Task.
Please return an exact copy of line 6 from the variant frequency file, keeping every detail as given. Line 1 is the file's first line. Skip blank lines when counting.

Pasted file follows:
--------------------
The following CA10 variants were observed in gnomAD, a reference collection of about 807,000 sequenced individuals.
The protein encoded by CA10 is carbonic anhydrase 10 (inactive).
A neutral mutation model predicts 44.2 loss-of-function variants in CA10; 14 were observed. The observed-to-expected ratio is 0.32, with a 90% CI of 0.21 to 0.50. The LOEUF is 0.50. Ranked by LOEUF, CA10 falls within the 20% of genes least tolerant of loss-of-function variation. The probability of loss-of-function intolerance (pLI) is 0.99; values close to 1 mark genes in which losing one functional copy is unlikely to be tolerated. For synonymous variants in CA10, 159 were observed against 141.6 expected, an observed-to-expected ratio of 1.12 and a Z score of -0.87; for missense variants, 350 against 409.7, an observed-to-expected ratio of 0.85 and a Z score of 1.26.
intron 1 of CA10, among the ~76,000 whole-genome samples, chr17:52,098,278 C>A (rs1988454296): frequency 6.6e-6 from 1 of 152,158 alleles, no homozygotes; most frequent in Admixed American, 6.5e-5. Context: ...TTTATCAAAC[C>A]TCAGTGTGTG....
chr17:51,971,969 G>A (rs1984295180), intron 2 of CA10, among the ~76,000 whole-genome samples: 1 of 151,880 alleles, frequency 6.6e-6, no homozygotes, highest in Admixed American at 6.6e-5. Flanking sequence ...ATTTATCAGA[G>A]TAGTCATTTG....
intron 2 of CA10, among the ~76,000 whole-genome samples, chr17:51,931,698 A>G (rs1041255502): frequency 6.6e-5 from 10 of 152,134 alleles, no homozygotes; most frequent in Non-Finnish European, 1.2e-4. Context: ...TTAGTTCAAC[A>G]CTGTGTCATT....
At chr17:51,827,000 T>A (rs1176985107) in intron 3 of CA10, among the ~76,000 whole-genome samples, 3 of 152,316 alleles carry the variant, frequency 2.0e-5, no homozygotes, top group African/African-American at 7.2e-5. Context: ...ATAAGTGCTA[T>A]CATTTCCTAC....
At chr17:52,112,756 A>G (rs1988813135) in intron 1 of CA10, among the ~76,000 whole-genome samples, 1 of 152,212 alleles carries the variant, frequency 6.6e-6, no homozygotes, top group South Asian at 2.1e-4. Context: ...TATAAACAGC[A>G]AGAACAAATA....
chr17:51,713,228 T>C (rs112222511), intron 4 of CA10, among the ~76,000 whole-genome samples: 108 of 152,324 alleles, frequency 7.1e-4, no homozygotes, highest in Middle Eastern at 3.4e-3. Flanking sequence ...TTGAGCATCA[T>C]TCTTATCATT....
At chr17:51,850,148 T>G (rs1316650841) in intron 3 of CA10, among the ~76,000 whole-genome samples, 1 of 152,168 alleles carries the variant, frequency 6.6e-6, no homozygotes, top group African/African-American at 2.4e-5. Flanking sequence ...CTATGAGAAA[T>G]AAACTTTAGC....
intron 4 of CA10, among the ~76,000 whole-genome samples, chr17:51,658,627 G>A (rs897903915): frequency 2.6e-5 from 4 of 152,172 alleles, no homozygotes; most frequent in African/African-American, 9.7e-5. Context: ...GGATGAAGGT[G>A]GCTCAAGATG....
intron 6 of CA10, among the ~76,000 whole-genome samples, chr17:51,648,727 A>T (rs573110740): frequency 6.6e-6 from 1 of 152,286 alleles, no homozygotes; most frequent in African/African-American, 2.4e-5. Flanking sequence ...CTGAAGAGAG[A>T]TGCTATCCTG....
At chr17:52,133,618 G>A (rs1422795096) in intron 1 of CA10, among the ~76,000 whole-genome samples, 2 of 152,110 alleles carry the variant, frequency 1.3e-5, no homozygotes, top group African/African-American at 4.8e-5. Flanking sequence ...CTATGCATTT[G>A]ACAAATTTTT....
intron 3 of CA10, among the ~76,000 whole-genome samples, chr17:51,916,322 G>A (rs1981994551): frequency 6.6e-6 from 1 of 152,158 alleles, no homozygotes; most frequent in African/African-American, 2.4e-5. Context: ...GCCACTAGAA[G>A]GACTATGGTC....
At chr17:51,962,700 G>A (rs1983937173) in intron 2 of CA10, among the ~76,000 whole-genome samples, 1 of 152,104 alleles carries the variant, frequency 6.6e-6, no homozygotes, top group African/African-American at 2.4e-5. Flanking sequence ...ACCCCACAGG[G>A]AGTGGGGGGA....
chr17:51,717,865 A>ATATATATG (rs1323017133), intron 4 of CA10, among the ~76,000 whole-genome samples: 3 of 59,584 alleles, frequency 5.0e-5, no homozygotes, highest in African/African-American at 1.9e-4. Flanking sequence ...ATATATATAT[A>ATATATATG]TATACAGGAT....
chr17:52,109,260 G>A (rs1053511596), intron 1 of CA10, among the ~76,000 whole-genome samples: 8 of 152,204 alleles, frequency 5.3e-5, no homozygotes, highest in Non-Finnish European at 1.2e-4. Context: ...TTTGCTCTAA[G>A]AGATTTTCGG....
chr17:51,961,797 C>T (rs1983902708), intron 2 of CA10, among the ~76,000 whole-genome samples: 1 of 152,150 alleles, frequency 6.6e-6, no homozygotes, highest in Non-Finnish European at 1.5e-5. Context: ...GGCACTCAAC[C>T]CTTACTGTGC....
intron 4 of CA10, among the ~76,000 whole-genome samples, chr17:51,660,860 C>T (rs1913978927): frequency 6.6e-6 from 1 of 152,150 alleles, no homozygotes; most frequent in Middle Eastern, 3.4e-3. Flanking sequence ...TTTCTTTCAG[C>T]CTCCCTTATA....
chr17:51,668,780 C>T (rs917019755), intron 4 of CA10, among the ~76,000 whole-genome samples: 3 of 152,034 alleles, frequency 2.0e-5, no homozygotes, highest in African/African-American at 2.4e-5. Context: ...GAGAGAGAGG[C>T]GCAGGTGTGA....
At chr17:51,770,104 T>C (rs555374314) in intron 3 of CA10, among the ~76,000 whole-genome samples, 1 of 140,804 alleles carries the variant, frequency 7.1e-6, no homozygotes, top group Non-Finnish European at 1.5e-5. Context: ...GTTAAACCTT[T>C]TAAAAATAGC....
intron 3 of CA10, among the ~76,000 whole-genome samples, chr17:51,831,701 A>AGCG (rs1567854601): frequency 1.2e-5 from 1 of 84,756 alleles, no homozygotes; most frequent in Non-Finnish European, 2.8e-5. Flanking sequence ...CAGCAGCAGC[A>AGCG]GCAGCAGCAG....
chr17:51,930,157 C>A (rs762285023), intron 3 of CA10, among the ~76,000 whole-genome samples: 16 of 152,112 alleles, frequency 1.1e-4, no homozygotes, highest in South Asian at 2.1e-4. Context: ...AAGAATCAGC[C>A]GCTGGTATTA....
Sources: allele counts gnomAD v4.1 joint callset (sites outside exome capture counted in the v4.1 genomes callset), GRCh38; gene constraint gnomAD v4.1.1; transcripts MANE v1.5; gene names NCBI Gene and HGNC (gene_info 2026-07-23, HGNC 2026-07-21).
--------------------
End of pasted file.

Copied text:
intron 2 of CA10, among the ~76,000 whole-genome samples, chr17:51,931,698 A>G (rs1041255502): frequency 6.6e-5 from 10 of 152,134 alleles, no homozygotes; most frequent in Non-Finnish European, 1.2e-4. Context: ...TTAGTTCAAC[A>G]CTGTGTCATT....